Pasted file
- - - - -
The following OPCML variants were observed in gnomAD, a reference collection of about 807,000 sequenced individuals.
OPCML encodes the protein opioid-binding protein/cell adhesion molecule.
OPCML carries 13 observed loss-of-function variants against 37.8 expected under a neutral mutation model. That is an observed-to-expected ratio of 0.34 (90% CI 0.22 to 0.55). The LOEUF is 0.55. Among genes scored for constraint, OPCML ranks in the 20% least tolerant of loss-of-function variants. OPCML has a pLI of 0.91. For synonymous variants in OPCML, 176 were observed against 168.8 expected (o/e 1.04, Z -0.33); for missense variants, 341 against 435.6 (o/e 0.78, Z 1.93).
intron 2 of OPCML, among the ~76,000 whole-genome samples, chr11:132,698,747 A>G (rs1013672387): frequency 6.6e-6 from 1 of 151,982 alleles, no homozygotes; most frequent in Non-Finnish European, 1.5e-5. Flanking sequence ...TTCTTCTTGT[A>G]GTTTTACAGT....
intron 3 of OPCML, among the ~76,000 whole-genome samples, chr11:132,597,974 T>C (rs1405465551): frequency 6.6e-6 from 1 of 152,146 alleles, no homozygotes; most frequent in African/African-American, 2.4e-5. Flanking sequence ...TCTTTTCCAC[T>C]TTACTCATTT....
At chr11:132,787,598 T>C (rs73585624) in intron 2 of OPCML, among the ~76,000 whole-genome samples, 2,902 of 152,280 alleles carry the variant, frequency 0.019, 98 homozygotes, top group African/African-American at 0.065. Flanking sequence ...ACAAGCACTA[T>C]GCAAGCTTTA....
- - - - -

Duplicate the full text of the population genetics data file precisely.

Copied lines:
The following OPCML variants were observed in gnomAD, a reference collection of about 807,000 sequenced individuals.
OPCML encodes the protein opioid-binding protein/cell adhesion molecule.
OPCML carries 13 observed loss-of-function variants against 37.8 expected under a neutral mutation model. That is an observed-to-expected ratio of 0.34 (90% CI 0.22 to 0.55). The LOEUF is 0.55. Among genes scored for constraint, OPCML ranks in the 20% least tolerant of loss-of-function variants. OPCML has a pLI of 0.91. For synonymous variants in OPCML, 176 were observed against 168.8 expected (o/e 1.04, Z -0.33); for missense variants, 341 against 435.6 (o/e 0.78, Z 1.93).
intron 2 of OPCML, among the ~76,000 whole-genome samples, chr11:132,698,747 A>G (rs1013672387): frequency 6.6e-6 from 1 of 151,982 alleles, no homozygotes; most frequent in Non-Finnish European, 1.5e-5. Flanking sequence ...TTCTTCTTGT[A>G]GTTTTACAGT....
intron 3 of OPCML, among the ~76,000 whole-genome samples, chr11:132,597,974 T>C (rs1405465551): frequency 6.6e-6 from 1 of 152,146 alleles, no homozygotes; most frequent in African/African-American, 2.4e-5. Flanking sequence ...TCTTTTCCAC[T>C]TTACTCATTT....
At chr11:132,787,598 T>C (rs73585624) in intron 2 of OPCML, among the ~76,000 whole-genome samples, 2,902 of 152,280 alleles carry the variant, frequency 0.019, 98 homozygotes, top group African/African-American at 0.065. Flanking sequence ...ACAAGCACTA[T>C]GCAAGCTTTA....